City of Aurora Central Recreation Center
Aurora, Colo.
Best Project

Owner: City of Aurora
Lead Design Firm: Populous
General Contractor: Adolfson & Peterson Construction
Engineers: Design Workshop; Martin/Martin Inc.; R&R Engineers Surveyors Inc.; The Ballard Group
Subcontractors: All City Floors; Arrow J Landscape & Design; Associated Pool Builders; Brundage Bone Concrete Pumping; C Morgen Masonry; Douglass Colony Group; E Light Electric Services; EAP Inc.; JK Concepts; Procraft Mechanical Inc.; ThyssenKrupp Elevators; Total Concrete Services

It had been 40 years since Aurora built a new recreation center. Even though it’s the third-largest city in Colorado, Aurora struggled to raise enough funds for the project. The city purchased 22 acres for the facility in 2008, but the land sat dormant for nearly a decade after two failed bond measures.

Then in 2014, voters passed Amendment 64 to legalize cannabis for recreational use and changed the economic dynamics of Colorado. Marijuana sales resulted in a new revenue stream for the state’s municipalities. In less than a year, Aurora could fund the new $30-million recreation center—entirely with tax revenues from retail marijuana sales.

The result is a 61,250-sq-ft facility with unique water amenities, including a wave pool (the first for a municipality in Colorado) and an interactive water slide (one of the first of its kind in North America). In addition to the impressive aquatics features, the center has two aerobics rooms; a full gym that can be split in half; party rooms; a childcare area; indoor and outdoor fitness spaces; and a state-of-the-art kitchen, which includes Viking ranges, a full walk-in cooler and a walk-in freezer. A running track meanders throughout the facility, breaking from the oval formation commonly found in recreation centers.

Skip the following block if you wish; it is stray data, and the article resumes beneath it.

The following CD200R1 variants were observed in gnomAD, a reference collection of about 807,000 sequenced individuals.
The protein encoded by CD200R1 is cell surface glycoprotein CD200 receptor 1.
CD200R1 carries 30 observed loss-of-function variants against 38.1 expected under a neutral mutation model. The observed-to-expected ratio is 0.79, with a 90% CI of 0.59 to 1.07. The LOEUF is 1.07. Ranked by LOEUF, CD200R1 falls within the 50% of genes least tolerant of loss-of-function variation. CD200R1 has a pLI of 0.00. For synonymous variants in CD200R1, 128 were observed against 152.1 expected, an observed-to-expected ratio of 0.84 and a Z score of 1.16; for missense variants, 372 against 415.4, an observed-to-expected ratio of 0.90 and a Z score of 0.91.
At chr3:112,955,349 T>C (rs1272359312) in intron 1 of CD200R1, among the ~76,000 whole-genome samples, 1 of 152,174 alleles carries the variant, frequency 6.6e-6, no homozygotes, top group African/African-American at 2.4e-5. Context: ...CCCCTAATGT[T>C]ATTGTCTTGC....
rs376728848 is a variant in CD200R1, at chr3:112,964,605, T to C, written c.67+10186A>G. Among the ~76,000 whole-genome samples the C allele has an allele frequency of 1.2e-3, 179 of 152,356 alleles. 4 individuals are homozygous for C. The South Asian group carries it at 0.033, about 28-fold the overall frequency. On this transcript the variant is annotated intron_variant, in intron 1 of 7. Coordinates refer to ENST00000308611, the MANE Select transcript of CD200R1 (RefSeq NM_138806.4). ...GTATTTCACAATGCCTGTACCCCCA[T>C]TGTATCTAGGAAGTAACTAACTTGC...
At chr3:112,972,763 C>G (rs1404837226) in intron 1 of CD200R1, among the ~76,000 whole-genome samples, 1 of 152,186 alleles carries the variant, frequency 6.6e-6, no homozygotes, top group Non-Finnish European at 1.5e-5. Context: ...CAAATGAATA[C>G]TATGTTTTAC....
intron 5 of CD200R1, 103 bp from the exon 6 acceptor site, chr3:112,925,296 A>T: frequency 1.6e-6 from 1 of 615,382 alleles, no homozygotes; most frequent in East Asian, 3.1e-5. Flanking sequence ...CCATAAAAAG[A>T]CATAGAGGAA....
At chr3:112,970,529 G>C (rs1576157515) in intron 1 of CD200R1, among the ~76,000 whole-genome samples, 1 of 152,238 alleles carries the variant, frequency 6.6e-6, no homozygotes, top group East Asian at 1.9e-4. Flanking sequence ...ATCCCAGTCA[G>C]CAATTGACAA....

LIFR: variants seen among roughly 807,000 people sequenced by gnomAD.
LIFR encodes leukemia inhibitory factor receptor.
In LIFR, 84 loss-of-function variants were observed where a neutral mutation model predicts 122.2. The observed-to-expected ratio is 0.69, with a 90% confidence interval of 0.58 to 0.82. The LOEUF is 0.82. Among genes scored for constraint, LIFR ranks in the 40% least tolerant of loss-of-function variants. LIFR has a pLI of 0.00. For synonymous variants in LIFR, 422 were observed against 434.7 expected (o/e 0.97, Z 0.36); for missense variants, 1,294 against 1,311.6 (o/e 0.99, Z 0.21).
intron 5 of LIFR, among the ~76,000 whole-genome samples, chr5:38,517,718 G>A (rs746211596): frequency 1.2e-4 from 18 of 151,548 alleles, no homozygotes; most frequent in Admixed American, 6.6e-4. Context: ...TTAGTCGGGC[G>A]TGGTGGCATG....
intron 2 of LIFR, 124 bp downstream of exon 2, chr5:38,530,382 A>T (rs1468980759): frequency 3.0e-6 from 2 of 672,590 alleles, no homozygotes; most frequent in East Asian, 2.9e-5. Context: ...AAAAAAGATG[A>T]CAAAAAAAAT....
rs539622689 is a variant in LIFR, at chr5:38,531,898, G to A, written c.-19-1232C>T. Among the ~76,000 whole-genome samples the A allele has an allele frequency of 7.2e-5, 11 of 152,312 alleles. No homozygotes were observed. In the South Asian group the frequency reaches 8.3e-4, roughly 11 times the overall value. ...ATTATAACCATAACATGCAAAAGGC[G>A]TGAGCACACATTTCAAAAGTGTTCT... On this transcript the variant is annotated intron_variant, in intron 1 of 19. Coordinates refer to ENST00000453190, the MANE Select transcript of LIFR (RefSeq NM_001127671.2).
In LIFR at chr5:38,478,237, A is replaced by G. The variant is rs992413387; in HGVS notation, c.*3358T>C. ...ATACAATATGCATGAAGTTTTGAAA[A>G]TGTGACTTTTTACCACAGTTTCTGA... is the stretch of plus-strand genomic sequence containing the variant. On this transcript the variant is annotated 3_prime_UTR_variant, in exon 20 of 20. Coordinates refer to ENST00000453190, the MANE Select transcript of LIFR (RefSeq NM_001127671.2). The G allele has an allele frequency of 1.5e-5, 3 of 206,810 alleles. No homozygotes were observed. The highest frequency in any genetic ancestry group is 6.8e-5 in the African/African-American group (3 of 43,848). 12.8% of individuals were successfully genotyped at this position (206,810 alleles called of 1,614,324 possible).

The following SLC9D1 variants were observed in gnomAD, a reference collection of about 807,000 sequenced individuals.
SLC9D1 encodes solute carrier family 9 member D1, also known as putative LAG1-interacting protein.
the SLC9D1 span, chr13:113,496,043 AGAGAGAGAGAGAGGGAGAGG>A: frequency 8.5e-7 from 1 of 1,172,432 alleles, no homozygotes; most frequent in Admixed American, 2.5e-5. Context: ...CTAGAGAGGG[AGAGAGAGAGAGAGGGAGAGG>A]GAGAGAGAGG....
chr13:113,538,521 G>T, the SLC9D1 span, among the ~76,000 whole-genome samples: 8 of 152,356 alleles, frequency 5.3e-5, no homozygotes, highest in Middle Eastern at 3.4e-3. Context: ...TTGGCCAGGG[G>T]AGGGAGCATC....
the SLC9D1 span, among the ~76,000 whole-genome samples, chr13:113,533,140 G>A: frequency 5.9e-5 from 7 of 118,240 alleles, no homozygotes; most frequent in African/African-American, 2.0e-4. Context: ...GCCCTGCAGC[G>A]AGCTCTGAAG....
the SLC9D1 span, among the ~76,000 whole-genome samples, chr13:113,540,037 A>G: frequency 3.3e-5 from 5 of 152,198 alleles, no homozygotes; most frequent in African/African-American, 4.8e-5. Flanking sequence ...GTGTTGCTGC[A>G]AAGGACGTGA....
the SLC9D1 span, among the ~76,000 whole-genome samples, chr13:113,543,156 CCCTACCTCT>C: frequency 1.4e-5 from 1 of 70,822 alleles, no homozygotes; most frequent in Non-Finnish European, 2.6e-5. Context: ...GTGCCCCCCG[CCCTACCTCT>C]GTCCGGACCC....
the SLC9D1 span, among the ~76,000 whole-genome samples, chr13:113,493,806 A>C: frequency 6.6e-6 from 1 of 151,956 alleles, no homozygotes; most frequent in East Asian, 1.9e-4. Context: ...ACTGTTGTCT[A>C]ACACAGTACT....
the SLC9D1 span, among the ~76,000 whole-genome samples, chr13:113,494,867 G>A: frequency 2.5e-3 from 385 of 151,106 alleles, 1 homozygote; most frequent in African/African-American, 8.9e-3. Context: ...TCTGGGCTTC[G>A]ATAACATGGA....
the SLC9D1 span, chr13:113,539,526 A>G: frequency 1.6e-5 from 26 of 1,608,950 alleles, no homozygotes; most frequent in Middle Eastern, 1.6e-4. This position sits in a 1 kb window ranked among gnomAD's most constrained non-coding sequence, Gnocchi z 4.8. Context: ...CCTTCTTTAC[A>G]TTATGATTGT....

The city also dedicated nearly half a million dollars for custom art throughout the facility, which required strategic planning for integration into the project. The center also supports innovative fitness and wellness opportunities such as an escape room, a fitness grandstand, an outdoor fitness balcony and a teaching kitchen.

Instead of traditional egress stairways, the center’s concrete grandstand functions as egress, seating and an aerobic stair-climbing venue. A 38-ft floating staircase, which also serves as a dynamic and functional art piece, required extraordinary concrete expertise to install.

Overhead work in the large natatorium was difficult because it had to be done after the building closed. The traditional cost of using scaffolding was estimated at $40,000; however, the team positioned a boom lift inside the pool area for the work. The boom was later lifted out of the roof by a crane.

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